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Millennials: The Generation Paralyzed By Too Many Choices

Having more choices, more options, means having more possibilities to be perfectly content, right? Well, maybe not so much.  While surfing around the web recently, I came across an article describing a new Millennial phenomenon called “F.O.B.O.” No, I’m not confusing it with “F.O.M.O.” and while I disagree with most of the “social ills” many people like to attach to us Millennials, I whole-heartedly agree with this one.

“F.O.B.O” or “Fear of Better Options” is a paralyzing epidemic spreading through our generation, affecting aspects of our lives from choice of cable company to dating prospects to college choice to something as simple as toilet brushes.  Yep, toilet brushes.  Did you know Amazon has 20,661 different kinds of toilet brushes? WHA?! Yeah, I know this because I was curious if there was a better way to go about the unglamorous task of toilet cleaning so I decided to search the goods conglomerate for options.  Ah, options.  Such sweet, stressful little things.

The world today is a fascinating place where phone companies introduce new products to market at every turn, a dozen different social media websites exist to display our lives via video, picture, status, or tweet, and if you want to buy a toilet brush, you have a choice between 20,661.  Grand, isn’t it?

It turns out having as many choices in as many areas of our lives as we do keeps us from making any choices at all. Instead of taking actions, we stand still. To quote the article once more,

“The way I think about it metaphorically is choosing one door to walk through means all the other doors close, and there’s no ability to return back to that path. And so rather than actually go through any doorway, it’s better to stand in the atrium and gaze.”

I see it happen all the time; I’ve even experienced it myself.  As someone quoted in the article posits, “Am I setting up my adult life to be the way that it could optimally be?” We’re so stressed about living the best life, having the best ‘stuff,’ picking the right person, job, apartment, etc., we can’t decide on anything, and even more, once we do decide, we are constantly questioning if we picked the right thing or if there’s something else better out there. I start to feel anxious just typing that out — wuts ^ with THAT? I’ve watched as friends have passed up great jobs, even great guys, because what if there’s something better?eddce58ff8e1319e4518d45b76dd9153

Sure, there might be…or you may have already passed up the best thing out of fear of potentially better options.  It seems starting at all is becoming our most difficult task because starting requires commitment and commitment means closing other doors, other options.  I think that’s often why we leave great relationships, quit great jobs, because we do live in a world of options and it’s common to think, “well, if this doesn’t work out, that’s fine, because I have a plethora of options out there.” It’s really kind of sad, actually.  Nobody really has to conquer anything anymore, overcome issues, deal with their flaws because there’s no need to. Back in the day, when you found a special someone or landed a really amazing job, you stuck it out and you fought like hell for it because instead of having this F.O.B.O, you had a fear of losing something really special.  We could learn from our predecessors, folks.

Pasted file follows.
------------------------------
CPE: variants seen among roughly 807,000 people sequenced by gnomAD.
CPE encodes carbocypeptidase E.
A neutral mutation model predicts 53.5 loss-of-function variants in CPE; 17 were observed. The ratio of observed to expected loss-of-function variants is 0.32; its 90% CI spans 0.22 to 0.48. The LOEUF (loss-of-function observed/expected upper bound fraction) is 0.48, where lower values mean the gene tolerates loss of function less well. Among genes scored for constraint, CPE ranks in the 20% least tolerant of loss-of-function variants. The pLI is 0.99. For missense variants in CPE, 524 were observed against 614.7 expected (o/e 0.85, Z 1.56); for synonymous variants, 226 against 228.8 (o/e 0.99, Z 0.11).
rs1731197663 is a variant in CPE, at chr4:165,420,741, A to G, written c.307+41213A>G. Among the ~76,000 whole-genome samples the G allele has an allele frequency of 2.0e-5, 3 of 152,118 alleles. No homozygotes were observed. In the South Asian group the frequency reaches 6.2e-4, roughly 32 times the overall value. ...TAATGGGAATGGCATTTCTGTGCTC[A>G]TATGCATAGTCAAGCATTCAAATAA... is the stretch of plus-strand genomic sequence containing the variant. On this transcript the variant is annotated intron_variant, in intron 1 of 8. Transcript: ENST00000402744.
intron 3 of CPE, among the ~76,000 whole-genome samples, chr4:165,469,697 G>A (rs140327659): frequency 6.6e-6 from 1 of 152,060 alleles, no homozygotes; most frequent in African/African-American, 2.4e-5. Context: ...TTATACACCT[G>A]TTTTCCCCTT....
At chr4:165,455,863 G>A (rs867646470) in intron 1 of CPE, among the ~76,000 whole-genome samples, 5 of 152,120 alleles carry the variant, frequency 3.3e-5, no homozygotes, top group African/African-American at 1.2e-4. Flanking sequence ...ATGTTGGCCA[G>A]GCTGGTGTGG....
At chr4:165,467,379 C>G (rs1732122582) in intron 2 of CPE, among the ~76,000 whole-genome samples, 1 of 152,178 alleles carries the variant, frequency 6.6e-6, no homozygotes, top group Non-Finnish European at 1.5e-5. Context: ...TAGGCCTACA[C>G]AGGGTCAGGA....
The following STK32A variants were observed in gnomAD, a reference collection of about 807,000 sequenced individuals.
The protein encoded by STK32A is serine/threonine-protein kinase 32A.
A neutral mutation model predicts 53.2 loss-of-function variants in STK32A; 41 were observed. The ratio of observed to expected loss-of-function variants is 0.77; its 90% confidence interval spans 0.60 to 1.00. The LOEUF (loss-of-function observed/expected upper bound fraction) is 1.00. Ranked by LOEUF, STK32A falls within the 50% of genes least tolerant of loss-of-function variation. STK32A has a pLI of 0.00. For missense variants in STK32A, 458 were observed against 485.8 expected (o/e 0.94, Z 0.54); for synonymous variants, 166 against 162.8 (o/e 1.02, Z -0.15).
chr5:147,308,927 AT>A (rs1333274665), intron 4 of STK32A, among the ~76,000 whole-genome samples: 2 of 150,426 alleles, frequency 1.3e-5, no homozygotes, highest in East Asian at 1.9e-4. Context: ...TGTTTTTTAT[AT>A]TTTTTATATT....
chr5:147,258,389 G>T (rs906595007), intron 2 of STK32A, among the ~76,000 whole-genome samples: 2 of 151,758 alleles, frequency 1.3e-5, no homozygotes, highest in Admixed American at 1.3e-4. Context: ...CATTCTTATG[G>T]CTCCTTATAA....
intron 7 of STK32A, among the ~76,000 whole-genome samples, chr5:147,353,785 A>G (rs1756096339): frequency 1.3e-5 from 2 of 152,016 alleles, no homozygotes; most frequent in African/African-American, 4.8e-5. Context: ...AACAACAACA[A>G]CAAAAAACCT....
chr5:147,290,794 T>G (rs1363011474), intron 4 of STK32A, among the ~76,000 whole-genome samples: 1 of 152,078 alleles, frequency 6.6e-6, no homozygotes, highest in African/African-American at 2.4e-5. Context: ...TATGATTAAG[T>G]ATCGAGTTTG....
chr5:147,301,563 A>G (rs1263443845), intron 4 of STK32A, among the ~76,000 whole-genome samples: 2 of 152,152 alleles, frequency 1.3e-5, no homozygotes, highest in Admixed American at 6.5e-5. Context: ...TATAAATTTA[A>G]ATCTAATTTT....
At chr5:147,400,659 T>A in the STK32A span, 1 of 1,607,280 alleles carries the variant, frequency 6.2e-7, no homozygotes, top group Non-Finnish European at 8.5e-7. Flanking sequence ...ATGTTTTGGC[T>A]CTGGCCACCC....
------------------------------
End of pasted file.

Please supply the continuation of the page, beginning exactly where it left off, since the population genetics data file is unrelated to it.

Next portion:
One of my favorite movies ever is The Five Year Engagement.  In one scene, Emily Blunt’s “Violet” is speaking to her sister about a guy she dated once, Jason Segal’s “Tom,” and where their relationship, or lack thereof, is going.  Her sister says, “It’s been five years, you either love him or you don’t.” Violet replies that of course she loves him but she just isn’t sure if he’s the right one or what she really wants because it’s complicated. To paraphrase Violet’s sister, “You just pick a one and take a bite!”

For a lighter example, this happens to me every single time I go shopping.  I’ll find, let’s say, a dress at the first store I go to that I just fall in love with, but I always figure I might find something better at the next store, so on to the next store I go and the cycle continues.  By the end of it, I’m thinking about the first dress and all the time I just wasted convincing myself I could find something better, i.e. F.O.B.O, when in actuality, I leave discontented and frustrated that I couldn’t find anything at all when really, I should’ve just bought the first one. Suddenly the saying, “you don’t realize what you have until it’s gone,” comes to mind.  The first dress was one that I was instinctually drawn to but I was afraid there was something better so I went on and then at the end of it all, I regretted, not only not picking the original one, but also all the time I wasted, all the energy I put into worrying.